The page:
Popular Japanese tempura chain Tempura Makino opens outlet in Singapore, offering tremendous value for freshly-fried tempura.
One of the latest concepts to open up in Singapore is Tempura Makino, the popular Japanese tempura chain’s first overseas foray brought in by EN Group. The Singapore outpost, located in Suntec City, attempts to recreate exactly the same flavours and dining experience that made it a hit in Japan.
The Japanese first adopted the concept of deep-frying fritters from the Portuguese in the 16th century. Today tempura – which describes a wide variety of seafood and vegetables that’s battered and then deep-fried – is easily one of the most recognisable dishes in the Japanese culinary repertoire.
But replicating the exact flavours is no mean feat. One basic criteria for good tempura is that it must be freshly fried and served almost immediately. A previous visit to a tempura institution in Kyoto – when travel to Japan was still possible – saw us scolded by an irate chef as we lingered over and took pictures of his freshly-fried wares. Not that anyone likes battered crust that’s been sitting around in the kitchen, getting soggier as the seconds tick by waiting to be delivered to the table.
This is where tempura specialty chain Tempura Makino stands out from most other Japanese restaurants here. Their tempura is made-to-order right in front of diners. You’d think such a venture would mean it will cost a pretty penny, but Tempura Makino prides itself on affordability. This even as it imports flour, dashi and dipping sauce, from Japan, and also serves free-flow grated yuzu daikon.
So while you can splurge, there’s Anago (river eel) and Scallop at $6.80++ per portion, and upwards to $10.80++ for Steak, there are a la carte tempura items like Japanese Eggplant, Butternut Pumpkin, and Maitake starting at a low price of $1.50++. And the ubiquitous Prawn? Just $2.80++ each. That’s really good value.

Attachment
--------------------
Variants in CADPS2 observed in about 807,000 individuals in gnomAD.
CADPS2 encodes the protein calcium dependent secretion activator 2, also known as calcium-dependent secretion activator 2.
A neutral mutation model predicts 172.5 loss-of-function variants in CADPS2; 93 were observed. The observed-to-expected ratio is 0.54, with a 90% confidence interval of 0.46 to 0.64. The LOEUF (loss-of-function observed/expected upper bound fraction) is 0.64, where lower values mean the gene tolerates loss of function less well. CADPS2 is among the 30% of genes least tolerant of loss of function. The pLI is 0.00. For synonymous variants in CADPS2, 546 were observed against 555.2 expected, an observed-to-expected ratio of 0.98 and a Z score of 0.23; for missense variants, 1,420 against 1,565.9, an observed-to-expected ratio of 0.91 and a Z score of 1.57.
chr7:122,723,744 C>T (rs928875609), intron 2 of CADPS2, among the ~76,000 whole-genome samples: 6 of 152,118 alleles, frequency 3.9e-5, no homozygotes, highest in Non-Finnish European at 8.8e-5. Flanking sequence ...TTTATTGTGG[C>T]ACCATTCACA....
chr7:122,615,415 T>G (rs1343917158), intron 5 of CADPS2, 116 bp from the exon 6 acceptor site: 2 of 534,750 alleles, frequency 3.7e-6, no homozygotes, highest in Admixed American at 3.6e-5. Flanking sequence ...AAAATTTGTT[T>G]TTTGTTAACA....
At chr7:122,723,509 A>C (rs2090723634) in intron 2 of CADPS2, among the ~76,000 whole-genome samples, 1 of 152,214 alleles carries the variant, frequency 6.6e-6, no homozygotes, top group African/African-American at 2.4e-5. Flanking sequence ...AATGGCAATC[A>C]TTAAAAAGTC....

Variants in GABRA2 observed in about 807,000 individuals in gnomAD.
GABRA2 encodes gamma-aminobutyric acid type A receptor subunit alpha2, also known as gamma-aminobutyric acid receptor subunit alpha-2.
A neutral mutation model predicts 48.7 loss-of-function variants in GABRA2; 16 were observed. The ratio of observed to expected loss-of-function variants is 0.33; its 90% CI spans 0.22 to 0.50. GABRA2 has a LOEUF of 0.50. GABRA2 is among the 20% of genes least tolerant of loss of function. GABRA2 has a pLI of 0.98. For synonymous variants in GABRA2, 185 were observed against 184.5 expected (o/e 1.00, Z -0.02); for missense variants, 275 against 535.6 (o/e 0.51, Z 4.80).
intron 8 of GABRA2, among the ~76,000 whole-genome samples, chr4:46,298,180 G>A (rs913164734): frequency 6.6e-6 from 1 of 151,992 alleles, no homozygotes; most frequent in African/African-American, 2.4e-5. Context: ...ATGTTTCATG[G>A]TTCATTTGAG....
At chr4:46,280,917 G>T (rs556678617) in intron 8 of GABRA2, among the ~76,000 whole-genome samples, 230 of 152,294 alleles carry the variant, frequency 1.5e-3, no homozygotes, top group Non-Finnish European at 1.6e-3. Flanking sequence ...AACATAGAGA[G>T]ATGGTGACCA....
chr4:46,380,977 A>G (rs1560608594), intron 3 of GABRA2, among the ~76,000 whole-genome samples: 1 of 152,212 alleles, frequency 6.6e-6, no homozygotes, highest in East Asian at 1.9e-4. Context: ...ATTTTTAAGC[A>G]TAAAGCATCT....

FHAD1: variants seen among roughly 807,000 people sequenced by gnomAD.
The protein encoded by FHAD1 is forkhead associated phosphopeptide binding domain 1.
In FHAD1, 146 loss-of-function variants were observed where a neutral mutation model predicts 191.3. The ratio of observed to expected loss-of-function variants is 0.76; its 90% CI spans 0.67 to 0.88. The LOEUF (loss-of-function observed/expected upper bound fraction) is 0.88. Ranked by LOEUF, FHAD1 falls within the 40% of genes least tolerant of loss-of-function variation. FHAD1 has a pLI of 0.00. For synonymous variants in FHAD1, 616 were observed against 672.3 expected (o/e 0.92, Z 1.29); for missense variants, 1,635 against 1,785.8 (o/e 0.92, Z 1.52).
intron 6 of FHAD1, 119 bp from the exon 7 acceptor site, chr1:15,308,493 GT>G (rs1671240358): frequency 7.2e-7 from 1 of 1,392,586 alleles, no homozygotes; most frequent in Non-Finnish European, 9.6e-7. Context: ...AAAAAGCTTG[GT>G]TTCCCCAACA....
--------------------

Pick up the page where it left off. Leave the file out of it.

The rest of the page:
Tempura Makino also differentiates itself by offering items you don’t expect to see in a usual tempura joint. French Beans, for example (which, of course, was the first vegetable recorded in Japan to be fried into tempura). There’s the luxurious Uni Ohba, which wraps creamy sea urchin in a perilla leaf. Makino offers a subtle hat tip to Okinawa too, offering Goya (bittergourd) and the indigenous native seaweed Mozuku, two classic ingredients from the Japanese island. Both known for their health benefits.
Even their set meals are well priced. The Prawn & Vegetable Tempura set comes in at $16++ for three prawns and an assortment of vegetables, while the Anago & Seafood Tempura at $23++ bundles a variety of seafood and vegetables.
And if you just can’t decide? Tempura Makino will be launching tempura omakase menus priced below $100++ per person in the coming months. Let the chefs pick out the best seasonal and premium ingredients on your behalf.
Just don’t linger too long taking pictures.
[Image credits: Superadrianme.com]